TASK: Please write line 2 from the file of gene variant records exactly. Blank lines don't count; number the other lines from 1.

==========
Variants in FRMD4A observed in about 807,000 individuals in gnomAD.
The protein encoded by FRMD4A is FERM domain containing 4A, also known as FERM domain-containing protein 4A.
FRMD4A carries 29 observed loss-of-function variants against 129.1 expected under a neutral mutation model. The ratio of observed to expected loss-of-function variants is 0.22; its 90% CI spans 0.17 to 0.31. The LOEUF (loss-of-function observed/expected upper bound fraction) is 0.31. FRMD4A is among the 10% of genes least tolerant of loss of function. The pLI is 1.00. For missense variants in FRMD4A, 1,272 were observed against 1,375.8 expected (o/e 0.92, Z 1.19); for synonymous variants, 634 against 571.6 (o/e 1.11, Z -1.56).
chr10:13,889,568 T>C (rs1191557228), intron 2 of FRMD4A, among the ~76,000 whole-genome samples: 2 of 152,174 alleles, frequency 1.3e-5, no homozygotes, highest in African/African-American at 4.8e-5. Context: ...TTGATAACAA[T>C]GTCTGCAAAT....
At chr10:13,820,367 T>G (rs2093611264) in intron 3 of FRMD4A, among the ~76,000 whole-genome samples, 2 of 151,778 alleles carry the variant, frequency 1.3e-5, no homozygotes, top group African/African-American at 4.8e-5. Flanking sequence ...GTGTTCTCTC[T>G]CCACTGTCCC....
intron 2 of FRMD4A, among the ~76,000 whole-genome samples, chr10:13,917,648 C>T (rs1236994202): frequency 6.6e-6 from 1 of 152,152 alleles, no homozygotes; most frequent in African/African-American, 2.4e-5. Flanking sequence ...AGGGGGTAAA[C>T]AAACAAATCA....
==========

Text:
The protein encoded by FRMD4A is FERM domain containing 4A, also known as FERM domain-containing protein 4A.